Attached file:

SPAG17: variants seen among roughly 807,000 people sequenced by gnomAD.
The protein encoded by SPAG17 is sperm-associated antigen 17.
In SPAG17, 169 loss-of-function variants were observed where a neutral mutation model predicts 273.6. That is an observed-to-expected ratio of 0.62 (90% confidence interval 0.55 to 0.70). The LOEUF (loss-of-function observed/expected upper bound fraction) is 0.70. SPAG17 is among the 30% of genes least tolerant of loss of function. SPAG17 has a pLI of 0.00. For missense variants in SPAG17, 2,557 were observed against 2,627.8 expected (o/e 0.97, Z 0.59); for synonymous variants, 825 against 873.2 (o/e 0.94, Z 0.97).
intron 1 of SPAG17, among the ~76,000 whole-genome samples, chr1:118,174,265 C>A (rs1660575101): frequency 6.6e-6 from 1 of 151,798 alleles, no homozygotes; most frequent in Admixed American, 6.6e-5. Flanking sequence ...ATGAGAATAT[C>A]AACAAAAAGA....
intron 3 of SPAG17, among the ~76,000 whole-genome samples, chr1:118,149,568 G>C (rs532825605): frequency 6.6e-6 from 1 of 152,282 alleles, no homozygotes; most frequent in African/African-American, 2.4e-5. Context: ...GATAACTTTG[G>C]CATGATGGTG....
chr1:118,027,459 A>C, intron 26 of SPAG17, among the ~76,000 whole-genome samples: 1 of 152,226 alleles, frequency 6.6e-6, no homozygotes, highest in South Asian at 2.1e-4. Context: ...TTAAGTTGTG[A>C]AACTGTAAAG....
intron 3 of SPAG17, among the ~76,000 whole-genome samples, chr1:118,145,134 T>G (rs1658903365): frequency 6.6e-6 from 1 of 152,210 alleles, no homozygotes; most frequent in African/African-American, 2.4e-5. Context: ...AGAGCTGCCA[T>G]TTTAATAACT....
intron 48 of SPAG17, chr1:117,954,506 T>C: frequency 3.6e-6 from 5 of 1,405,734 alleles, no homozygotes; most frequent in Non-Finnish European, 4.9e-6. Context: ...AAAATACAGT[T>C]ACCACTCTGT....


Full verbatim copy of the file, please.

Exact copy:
SPAG17: variants seen among roughly 807,000 people sequenced by gnomAD.
The protein encoded by SPAG17 is sperm-associated antigen 17.
In SPAG17, 169 loss-of-function variants were observed where a neutral mutation model predicts 273.6. That is an observed-to-expected ratio of 0.62 (90% confidence interval 0.55 to 0.70). The LOEUF (loss-of-function observed/expected upper bound fraction) is 0.70. SPAG17 is among the 30% of genes least tolerant of loss of function. SPAG17 has a pLI of 0.00. For missense variants in SPAG17, 2,557 were observed against 2,627.8 expected (o/e 0.97, Z 0.59); for synonymous variants, 825 against 873.2 (o/e 0.94, Z 0.97).
intron 1 of SPAG17, among the ~76,000 whole-genome samples, chr1:118,174,265 C>A (rs1660575101): frequency 6.6e-6 from 1 of 151,798 alleles, no homozygotes; most frequent in Admixed American, 6.6e-5. Flanking sequence ...ATGAGAATAT[C>A]AACAAAAAGA....
intron 3 of SPAG17, among the ~76,000 whole-genome samples, chr1:118,149,568 G>C (rs532825605): frequency 6.6e-6 from 1 of 152,282 alleles, no homozygotes; most frequent in African/African-American, 2.4e-5. Context: ...GATAACTTTG[G>C]CATGATGGTG....
chr1:118,027,459 A>C, intron 26 of SPAG17, among the ~76,000 whole-genome samples: 1 of 152,226 alleles, frequency 6.6e-6, no homozygotes, highest in South Asian at 2.1e-4. Context: ...TTAAGTTGTG[A>C]AACTGTAAAG....
intron 3 of SPAG17, among the ~76,000 whole-genome samples, chr1:118,145,134 T>G (rs1658903365): frequency 6.6e-6 from 1 of 152,210 alleles, no homozygotes; most frequent in African/African-American, 2.4e-5. Context: ...AGAGCTGCCA[T>G]TTTAATAACT....
intron 48 of SPAG17, chr1:117,954,506 T>C: frequency 3.6e-6 from 5 of 1,405,734 alleles, no homozygotes; most frequent in Non-Finnish European, 4.9e-6. Context: ...AAAATACAGT[T>C]ACCACTCTGT....